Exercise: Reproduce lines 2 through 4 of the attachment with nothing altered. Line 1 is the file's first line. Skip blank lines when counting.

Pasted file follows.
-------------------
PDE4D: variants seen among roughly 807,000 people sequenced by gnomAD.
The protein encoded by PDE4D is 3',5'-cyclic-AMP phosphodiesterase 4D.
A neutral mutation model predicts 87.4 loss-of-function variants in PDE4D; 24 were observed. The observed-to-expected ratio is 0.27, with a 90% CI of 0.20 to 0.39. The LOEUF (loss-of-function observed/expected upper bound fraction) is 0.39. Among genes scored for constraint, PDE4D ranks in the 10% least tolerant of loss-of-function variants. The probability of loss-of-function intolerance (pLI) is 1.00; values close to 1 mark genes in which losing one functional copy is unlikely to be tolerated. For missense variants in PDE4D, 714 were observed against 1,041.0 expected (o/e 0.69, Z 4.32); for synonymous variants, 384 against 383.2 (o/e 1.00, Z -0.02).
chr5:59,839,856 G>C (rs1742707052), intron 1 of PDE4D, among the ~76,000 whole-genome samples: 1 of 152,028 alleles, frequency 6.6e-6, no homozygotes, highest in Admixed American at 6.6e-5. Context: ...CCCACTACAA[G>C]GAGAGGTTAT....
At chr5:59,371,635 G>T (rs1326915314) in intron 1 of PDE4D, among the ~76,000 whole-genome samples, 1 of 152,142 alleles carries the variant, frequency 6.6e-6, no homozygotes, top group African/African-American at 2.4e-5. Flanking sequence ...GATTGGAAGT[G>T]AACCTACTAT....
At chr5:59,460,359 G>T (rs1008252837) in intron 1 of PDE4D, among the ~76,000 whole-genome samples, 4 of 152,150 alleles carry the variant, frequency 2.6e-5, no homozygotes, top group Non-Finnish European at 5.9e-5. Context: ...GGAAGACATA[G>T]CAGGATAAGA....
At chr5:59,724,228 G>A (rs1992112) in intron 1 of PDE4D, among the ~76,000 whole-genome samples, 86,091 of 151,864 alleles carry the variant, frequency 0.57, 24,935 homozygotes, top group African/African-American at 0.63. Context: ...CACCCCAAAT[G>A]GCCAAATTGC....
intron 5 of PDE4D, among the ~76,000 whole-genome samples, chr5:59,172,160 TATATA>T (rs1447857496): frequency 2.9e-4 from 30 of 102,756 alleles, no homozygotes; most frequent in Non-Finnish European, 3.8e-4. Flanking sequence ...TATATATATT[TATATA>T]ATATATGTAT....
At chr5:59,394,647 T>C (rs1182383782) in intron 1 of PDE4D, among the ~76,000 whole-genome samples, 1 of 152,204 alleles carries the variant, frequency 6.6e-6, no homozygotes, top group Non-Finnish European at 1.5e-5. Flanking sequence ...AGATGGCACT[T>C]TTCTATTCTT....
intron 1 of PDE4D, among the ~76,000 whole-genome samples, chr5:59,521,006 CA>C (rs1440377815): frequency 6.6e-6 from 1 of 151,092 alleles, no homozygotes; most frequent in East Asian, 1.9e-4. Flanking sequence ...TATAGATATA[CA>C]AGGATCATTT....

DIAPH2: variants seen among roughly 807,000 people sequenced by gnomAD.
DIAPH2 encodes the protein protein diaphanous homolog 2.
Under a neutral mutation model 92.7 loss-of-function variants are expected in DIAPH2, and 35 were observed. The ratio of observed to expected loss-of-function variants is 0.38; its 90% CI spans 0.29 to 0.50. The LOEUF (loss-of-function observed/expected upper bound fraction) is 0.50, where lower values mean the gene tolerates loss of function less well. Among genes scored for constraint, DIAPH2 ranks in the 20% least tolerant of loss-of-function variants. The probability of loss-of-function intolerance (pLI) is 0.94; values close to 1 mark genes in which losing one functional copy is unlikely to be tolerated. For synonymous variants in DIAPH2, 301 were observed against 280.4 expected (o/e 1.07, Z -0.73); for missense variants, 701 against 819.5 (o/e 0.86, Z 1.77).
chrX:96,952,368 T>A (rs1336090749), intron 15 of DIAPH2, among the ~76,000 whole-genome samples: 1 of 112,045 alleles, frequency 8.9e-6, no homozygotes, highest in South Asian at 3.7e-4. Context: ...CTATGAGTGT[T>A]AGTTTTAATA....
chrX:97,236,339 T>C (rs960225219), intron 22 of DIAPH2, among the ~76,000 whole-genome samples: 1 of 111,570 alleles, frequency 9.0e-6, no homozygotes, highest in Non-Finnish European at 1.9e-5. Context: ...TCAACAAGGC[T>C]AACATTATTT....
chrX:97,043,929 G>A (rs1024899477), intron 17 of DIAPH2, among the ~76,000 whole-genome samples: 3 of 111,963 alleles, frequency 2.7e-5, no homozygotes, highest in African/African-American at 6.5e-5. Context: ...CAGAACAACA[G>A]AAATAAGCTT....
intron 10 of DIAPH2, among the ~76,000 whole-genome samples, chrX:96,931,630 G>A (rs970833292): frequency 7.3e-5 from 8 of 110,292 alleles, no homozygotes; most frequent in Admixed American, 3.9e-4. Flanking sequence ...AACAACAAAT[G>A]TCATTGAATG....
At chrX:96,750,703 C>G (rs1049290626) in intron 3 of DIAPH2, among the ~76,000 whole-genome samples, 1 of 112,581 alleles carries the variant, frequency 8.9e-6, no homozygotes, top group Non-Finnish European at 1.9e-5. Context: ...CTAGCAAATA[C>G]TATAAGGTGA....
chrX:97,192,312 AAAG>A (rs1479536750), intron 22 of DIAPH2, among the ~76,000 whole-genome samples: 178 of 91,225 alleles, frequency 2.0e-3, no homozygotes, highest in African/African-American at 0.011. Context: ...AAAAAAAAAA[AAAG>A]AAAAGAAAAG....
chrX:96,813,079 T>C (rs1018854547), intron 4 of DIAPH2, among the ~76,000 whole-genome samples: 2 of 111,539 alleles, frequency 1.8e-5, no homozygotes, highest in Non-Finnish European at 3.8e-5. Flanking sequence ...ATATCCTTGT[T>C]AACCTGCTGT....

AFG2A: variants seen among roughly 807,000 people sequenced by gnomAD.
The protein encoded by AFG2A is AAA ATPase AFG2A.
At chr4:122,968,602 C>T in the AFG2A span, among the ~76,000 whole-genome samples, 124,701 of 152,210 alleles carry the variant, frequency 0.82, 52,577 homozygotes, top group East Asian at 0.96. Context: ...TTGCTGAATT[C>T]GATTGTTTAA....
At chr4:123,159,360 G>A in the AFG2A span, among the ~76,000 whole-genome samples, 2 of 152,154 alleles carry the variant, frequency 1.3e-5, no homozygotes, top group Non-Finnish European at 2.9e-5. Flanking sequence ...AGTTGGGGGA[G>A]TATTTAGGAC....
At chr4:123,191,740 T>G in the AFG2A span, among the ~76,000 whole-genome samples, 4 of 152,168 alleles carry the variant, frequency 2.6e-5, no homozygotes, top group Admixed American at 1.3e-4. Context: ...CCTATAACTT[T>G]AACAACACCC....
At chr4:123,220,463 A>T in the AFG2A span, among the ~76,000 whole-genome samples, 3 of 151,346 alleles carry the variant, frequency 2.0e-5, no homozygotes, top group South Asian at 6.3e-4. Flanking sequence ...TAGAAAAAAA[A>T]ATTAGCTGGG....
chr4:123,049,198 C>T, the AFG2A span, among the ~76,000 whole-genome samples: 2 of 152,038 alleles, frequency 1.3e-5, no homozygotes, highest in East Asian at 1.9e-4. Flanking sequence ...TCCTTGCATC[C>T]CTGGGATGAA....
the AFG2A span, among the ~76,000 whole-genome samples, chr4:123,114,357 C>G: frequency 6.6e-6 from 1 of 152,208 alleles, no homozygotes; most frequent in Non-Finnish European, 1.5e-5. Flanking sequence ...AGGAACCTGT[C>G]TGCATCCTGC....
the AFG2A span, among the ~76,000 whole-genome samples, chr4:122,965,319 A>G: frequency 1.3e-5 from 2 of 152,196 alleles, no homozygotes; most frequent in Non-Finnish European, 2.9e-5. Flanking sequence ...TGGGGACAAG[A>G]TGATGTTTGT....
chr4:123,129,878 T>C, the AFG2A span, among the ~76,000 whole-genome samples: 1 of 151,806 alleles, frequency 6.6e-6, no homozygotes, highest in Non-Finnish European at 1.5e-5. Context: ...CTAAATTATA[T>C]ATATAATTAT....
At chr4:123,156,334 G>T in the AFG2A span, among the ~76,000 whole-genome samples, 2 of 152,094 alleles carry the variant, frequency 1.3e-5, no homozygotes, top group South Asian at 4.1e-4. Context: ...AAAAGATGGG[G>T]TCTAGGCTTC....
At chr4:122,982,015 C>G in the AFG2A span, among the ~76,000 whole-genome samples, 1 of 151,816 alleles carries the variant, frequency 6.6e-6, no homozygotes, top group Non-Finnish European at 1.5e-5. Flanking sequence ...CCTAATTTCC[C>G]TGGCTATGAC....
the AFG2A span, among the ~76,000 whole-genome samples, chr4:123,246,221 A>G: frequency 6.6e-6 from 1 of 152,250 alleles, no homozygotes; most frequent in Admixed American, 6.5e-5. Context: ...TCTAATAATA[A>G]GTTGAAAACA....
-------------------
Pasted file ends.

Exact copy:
The protein encoded by PDE4D is 3',5'-cyclic-AMP phosphodiesterase 4D.
A neutral mutation model predicts 87.4 loss-of-function variants in PDE4D; 24 were observed. The observed-to-expected ratio is 0.27, with a 90% CI of 0.20 to 0.39. The LOEUF (loss-of-function observed/expected upper bound fraction) is 0.39. Among genes scored for constraint, PDE4D ranks in the 10% least tolerant of loss-of-function variants. The probability of loss-of-function intolerance (pLI) is 1.00; values close to 1 mark genes in which losing one functional copy is unlikely to be tolerated. For missense variants in PDE4D, 714 were observed against 1,041.0 expected (o/e 0.69, Z 4.32); for synonymous variants, 384 against 383.2 (o/e 1.00, Z -0.02).
chr5:59,839,856 G>C (rs1742707052), intron 1 of PDE4D, among the ~76,000 whole-genome samples: 1 of 152,028 alleles, frequency 6.6e-6, no homozygotes, highest in Admixed American at 6.6e-5. Context: ...CCCACTACAA[G>C]GAGAGGTTAT....